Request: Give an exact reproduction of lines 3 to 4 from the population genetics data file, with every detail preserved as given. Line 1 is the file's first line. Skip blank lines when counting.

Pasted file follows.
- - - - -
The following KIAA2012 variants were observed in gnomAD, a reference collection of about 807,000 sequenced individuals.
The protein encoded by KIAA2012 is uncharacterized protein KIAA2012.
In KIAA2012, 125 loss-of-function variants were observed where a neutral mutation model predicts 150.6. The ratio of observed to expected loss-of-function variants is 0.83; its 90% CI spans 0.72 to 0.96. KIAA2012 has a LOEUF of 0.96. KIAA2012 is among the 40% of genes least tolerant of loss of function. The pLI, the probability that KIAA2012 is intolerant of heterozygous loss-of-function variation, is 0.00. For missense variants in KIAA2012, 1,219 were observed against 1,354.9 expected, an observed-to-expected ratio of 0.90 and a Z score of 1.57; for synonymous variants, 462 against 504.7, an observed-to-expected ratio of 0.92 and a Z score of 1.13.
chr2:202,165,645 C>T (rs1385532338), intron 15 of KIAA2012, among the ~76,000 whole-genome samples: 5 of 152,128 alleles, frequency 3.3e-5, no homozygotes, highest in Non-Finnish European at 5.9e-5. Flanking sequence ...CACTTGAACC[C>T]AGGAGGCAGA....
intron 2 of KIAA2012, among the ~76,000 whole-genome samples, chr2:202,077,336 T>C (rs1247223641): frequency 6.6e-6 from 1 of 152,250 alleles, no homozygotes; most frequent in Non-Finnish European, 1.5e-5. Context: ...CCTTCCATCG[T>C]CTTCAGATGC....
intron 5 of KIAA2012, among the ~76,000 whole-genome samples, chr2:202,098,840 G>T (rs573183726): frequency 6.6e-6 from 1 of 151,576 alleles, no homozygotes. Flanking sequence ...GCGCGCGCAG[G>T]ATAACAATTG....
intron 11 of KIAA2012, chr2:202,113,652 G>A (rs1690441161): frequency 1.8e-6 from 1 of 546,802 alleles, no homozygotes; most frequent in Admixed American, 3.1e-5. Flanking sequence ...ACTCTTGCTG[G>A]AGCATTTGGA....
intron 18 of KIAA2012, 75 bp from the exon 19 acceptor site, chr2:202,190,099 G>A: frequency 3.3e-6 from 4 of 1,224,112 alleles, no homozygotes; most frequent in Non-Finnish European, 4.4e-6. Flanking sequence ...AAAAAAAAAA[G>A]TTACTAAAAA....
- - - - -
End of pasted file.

In KIAA2012, 125 loss-of-function variants were observed where a neutral mutation model predicts 150.6. The ratio of observed to expected loss-of-function variants is 0.83; its 90% CI spans 0.72 to 0.96. KIAA2012 has a LOEUF of 0.96. KIAA2012 is among the 40% of genes least tolerant of loss of function. The pLI, the probability that KIAA2012 is intolerant of heterozygous loss-of-function variation, is 0.00. For missense variants in KIAA2012, 1,219 were observed against 1,354.9 expected, an observed-to-expected ratio of 0.90 and a Z score of 1.57; for synonymous variants, 462 against 504.7, an observed-to-expected ratio of 0.92 and a Z score of 1.13.
chr2:202,165,645 C>T (rs1385532338), intron 15 of KIAA2012, among the ~76,000 whole-genome samples: 5 of 152,128 alleles, frequency 3.3e-5, no homozygotes, highest in Non-Finnish European at 5.9e-5. Flanking sequence ...CACTTGAACC[C>T]AGGAGGCAGA....